Strong winds cause damage in Marquette area
MARQUETTE — An early morning storm with wind gusts reaching more than 70 mph ripped through some of the most densely populated areas of Marquette County, causing sweeping power outages, road closures and severe damage along its path.
Todd Kluber, a meteorologist at the National Weather Service office in Negaunee Township, said mild weather Sunday created a front stretching west to east across the Upper Peninsula.
“It basically set the stage for these storms to travel right along that front in the overnight hours, with the strongest right through Marquette County,” Kluber said, adding the NWS office recorded a gust of 71 mph around 3 a.m.
Radar and damage report estimates indicate gusts may have reached 80 mph in the core of the storm — resembling those of a weak tornado — just north of Republic and west of Ishpeming, where the most damage was observed.
“In my recollection … at least for the last several years, it’s the strongest wind we’ve measured at our office here,” Kluber said.
This morning, downed trees and power lines were observed in Marquette County’s west end, along with severe damage to residential homes and businesses.
Several roads are experiencing closures, including a portion of U.S. 41 near County Road 496, M-35 near the Negaunee Township Hall, Cooper Lake Road, Stoneville Road, County Road 581, County Road PPR and several within the city of Ishpeming.
A press release from the Michigan State Police advised motorists to be prepared for unexpected road closures, delays and detours.
“Emergency responders, utility companies and the Marquette County Road Commission are all working to clean up following the storm and restore power to Marquette County residents,” the release reads.
Kluber said the storm, which originated in northwest Wisconsin around midnight, traveled through Iron County, reaching Republic around 2:20 a.m. and continuing along the U.S. 41 corridor through Ishpeming, Negaunee and Marquette.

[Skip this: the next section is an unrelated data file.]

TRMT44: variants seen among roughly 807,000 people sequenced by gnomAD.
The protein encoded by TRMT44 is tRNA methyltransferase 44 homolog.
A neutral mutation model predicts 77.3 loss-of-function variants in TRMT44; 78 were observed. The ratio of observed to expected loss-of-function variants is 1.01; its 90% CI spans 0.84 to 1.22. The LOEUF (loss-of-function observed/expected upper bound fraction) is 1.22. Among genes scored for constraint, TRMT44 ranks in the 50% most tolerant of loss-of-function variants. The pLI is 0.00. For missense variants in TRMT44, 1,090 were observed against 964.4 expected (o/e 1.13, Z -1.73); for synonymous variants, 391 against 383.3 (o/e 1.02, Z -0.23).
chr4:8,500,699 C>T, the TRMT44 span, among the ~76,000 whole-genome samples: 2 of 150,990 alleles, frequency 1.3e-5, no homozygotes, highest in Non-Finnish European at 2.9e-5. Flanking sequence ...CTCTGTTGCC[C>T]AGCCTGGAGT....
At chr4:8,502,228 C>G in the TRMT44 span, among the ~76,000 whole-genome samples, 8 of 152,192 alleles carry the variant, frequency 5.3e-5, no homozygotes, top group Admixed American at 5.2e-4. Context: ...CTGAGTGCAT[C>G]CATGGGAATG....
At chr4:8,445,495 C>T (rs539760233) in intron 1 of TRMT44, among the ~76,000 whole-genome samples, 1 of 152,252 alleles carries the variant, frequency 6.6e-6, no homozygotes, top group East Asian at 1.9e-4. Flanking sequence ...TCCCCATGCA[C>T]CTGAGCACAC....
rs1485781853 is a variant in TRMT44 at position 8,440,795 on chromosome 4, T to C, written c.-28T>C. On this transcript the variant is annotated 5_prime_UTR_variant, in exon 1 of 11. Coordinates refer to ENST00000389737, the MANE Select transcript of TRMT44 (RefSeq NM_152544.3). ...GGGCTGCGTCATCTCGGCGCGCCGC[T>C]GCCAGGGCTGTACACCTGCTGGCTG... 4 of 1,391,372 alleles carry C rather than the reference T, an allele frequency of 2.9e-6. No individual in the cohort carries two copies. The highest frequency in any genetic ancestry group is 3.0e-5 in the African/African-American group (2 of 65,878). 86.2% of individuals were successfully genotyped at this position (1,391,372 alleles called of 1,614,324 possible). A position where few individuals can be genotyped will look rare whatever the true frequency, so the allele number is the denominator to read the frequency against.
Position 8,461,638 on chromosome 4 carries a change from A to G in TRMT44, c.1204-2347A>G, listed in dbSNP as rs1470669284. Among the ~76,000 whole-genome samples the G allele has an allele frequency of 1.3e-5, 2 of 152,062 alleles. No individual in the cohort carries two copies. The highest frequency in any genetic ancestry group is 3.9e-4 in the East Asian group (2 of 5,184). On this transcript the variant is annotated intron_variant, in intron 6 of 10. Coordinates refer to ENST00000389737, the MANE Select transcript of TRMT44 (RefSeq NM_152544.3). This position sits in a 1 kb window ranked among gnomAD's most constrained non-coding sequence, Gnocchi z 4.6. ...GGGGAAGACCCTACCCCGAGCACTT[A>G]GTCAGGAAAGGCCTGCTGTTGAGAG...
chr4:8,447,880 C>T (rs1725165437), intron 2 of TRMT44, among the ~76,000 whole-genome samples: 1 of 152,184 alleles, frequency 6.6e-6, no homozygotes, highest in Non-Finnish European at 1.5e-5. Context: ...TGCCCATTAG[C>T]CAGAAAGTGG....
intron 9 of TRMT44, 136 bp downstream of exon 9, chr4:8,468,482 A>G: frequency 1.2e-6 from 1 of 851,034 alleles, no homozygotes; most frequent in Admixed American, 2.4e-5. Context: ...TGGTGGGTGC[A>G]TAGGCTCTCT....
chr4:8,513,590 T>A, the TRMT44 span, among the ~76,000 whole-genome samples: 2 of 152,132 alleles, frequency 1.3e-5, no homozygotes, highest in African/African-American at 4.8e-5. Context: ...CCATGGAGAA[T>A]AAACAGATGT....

“It traveled from west Ishpeming to Marquette in a matter of about 20 minutes — faster than you can drive that route,” he said. “Pretty much every major road has at least one tree or some power lines down.”
Downed fences, razed roofs, fallen billboards, power lines and trees were observed throughout the county’s west end.
By the time it reached Marquette Township and the city of Marquette just after 3 a.m., Kluber said wind gusts weakened to about 50 mph.
A map on the Upper Peninsula Power Co.’s website this morning showed more than 3,000 customers in the areas of Republic, Ishpeming and Negaunee were experiencing power outages.
Several school districts were closed due to the outages, including Ishpeming, Negaunee and NICE Community Schools.
Along with high winds, Kluber said the storm also brought nickel- to dime-sized hail, rain and lightning.
This morning, temperatures at the NWS office were around 31 degrees. Cool temperatures and wind gusts around 30 mph are expected today, with the possibility of snow in the afternoon.
Kluber said winter weather will temporarily return, with about 3 to 4 inches of snow expected in the area of Negaunee and Ishpeming.
The Marquette area is expected to experience about 2 inches of snow tonight, he said.
“It might start off as rain, but it should switch over to snow by this afternoon,” he said.
However, a mild weather pattern is expected to return later this week.
Wednesday is expected to be in mid to upper 40s, with temperatures reaching the 50s by Friday or Saturday.